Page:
It’s just one of those days, right? You’re sitting there with a big to-do list and no motivation to get started.
This happens to all of us from time to time. Such a day can struck with no warning. Sometimes even immediately after a highly productive day.
… So now what? What to do to save it and get some work done despite the adversity?
First of all, let’s face it, if you don’t feel like doing something you most likely won’t generate any good results… Do you expect a sprinter to win the 100 meter dash at the Olympics if they don’t feel like running? Of course not, it’s impossible.
So is there any point in forcing yourself to work only so you can screw it up? I’m not going to say something like “yes and no” because that’s just lame and I hate when people say that (don’t you?), so I will choose one side and say: no.
However, the fact is (whether you realize it or not) what you’re feeling isn’t really the lack of motivation to do every possible kind of work. It’s just a lack of motivation to do the work that you’ve originally planned for the day.
I mean, you have your to-do list (or other form of personal work organization tool) with a number of tasks on it, and when you look at them, nothing seems interesting enough to get into. As I said before, there’s no point in forcing yourself to something because you’d most likely have to do it over again after the initial screw up. What you can do, however, is find a suitable replacement and use it as a starting point.
Your favorite kind of tasks
No matter what line of work you’re in there’s always something you’ve enjoyed doing every time. Some specific kind of task that comes easy to you and you don’t need to put much effort into it to produce great results. Everybody has something like this, and this is a great starting point for an initially unproductive day.
We all know that getting started is always the most difficult part. A space shuttle uses most of its fuel during the first couple of seconds after launch. The initial movement always creates the biggest friction. Starting with your favorite task gets you going and helps you to fight this resistance.
As life shows, once you’re working for a while you can switch to different tasks more easily. There’s a high probability that you will be able to come back to your to-do list and execute it despite the initial resistance.
Everything’s in your mind. If your mind tells you that it doesn’t feel like working you simply need to trick it into working by starting with a task that doesn’t really feel like work. That’s all there is to it.
So what’s the remedy for a bad start?
1. Find your favorite kind(s) of tasks that don’t feel like work, and come easy to you.
Ones where you can create great results with little effort. They don’t have to be the highest leverage tasks possible, but they still need to be useful. By useful I mean tasks that move you forward towards your goals.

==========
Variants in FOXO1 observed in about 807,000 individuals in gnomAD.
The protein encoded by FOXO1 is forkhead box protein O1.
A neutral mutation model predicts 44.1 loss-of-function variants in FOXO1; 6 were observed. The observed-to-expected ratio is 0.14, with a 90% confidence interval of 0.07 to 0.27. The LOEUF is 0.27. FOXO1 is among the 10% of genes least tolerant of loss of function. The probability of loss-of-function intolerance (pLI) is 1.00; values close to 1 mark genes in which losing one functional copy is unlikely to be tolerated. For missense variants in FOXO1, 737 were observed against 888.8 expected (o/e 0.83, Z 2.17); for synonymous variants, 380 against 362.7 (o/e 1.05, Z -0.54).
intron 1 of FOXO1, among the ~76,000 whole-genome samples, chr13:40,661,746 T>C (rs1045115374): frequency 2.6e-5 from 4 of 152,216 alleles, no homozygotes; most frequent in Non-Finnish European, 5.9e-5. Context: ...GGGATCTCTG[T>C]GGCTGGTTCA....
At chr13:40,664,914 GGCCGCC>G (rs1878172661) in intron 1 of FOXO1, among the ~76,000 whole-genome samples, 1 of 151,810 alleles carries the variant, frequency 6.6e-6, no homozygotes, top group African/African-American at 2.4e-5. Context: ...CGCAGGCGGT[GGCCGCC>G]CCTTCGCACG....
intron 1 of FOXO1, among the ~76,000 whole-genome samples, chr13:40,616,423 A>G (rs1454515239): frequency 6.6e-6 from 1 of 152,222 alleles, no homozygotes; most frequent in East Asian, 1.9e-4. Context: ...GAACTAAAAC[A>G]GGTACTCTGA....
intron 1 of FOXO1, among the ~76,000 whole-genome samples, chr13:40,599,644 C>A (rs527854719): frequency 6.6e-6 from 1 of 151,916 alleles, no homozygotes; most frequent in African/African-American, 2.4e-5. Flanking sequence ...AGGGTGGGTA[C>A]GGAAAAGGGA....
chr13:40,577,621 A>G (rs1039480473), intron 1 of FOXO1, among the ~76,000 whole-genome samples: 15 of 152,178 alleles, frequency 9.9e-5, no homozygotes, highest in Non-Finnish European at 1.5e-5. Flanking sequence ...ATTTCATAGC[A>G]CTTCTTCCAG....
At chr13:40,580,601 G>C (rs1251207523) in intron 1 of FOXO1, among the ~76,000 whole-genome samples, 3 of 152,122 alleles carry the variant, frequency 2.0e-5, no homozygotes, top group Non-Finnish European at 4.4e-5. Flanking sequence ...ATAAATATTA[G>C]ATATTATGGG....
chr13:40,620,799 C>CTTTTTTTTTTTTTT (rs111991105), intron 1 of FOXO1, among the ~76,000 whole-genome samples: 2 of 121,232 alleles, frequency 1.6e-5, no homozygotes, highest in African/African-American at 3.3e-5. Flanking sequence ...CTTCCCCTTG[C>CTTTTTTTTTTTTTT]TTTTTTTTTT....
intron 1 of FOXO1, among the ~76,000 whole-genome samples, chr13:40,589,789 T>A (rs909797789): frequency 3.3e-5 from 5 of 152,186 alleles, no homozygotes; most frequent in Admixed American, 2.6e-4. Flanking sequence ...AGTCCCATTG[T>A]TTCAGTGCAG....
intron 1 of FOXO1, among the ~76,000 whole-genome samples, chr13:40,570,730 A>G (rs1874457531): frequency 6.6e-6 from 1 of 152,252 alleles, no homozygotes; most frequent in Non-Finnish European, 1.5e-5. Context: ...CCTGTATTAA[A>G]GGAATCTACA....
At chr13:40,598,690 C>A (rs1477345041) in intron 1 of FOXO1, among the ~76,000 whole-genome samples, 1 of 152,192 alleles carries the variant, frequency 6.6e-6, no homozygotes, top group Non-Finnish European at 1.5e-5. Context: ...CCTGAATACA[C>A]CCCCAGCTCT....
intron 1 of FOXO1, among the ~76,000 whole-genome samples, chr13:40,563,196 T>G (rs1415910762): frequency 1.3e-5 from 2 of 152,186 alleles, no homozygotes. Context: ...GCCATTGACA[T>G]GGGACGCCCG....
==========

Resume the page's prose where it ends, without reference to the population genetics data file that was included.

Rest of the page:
Moving forward towards your goals is something you need to devote special attention to. Working just for the sake of working is the stupidest thing you could do. If something doesn’t bring you closer to your goals then you’re better off reading a book … or even watching a cat video on YouTube.
2. Create a specific task within this favorite field and work on it.
For example, if you enjoy writing you can start by crafting a guest post for a popular blog. Simply set the exact topic you want to write about, and get going immediately. In such a scenario this is a great task to start with.
3. Once you’re done switch to other tasks from you to-do list.
Getting started is always the most difficult part and now you’ve done just that, so there’s a big probability that you won’t have any problems switching to other tasks.
What’s the friendly initial task for me?
My university diploma says that I’m a programmer. And I’ve always enjoyed playing with PHP code. So whenever I don’t feel like doing anything I start by working on improving my blog.
(No matter how well optimized your blog is there are still some things that can be improved.)
It’s also a task that’s congruent with my goals. Improving the blog’s structure gives me extra points for SEO, usability, accessibility, or performance (depending on the thing I focus on).
Now it’s your turn. Tell me what your friendly initial task is. Do you have more than one?
This is a guest post by Karol K (@carlosinho). He is a 20-something year old writer, a web 2.0 entrepreneur from Poland, and a grad student at the Silesian University of Technology. He shares his thoughts at newInternetOrder.com. Tune in to get his online business and personal productivity advice.
Photo credit: ‘Lazy Dog‘ from Big Stock